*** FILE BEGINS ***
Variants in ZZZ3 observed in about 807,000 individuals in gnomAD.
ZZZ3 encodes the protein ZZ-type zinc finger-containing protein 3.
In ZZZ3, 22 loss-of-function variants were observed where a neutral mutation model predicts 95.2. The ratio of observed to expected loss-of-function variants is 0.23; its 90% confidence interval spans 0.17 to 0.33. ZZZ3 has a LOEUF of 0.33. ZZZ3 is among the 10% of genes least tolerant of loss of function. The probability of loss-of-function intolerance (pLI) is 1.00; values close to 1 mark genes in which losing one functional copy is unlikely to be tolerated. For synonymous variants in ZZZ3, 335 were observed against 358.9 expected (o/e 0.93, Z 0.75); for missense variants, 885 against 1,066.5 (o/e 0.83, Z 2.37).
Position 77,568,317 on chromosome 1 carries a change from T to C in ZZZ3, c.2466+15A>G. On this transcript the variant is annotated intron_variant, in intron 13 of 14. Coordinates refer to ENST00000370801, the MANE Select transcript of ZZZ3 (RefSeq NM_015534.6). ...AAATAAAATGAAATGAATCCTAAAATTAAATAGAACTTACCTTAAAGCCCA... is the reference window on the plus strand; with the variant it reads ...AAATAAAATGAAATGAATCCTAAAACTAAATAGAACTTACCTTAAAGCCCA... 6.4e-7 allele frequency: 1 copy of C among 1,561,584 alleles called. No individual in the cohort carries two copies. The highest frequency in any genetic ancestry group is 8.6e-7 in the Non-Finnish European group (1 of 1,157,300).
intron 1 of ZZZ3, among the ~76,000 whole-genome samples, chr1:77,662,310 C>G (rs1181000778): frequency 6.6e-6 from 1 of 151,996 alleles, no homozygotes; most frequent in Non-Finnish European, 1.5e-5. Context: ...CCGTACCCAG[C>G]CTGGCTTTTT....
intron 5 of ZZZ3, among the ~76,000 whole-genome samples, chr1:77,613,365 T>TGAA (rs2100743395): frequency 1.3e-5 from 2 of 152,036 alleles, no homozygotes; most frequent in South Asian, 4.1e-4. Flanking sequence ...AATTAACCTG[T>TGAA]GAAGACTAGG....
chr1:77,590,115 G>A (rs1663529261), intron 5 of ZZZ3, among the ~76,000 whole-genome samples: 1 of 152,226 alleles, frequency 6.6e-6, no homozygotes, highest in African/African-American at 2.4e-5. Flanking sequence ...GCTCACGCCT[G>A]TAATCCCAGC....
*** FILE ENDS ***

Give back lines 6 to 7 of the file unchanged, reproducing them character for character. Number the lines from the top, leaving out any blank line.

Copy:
intron 5 of ZZZ3, among the ~76,000 whole-genome samples, chr1:77,613,365 T>TGAA (rs2100743395): frequency 1.3e-5 from 2 of 152,036 alleles, no homozygotes; most frequent in South Asian, 4.1e-4. Flanking sequence ...AATTAACCTG[T>TGAA]GAAGACTAGG....
chr1:77,590,115 G>A (rs1663529261), intron 5 of ZZZ3, among the ~76,000 whole-genome samples: 1 of 152,226 alleles, frequency 6.6e-6, no homozygotes, highest in African/African-American at 2.4e-5. Flanking sequence ...GCTCACGCCT[G>A]TAATCCCAGC....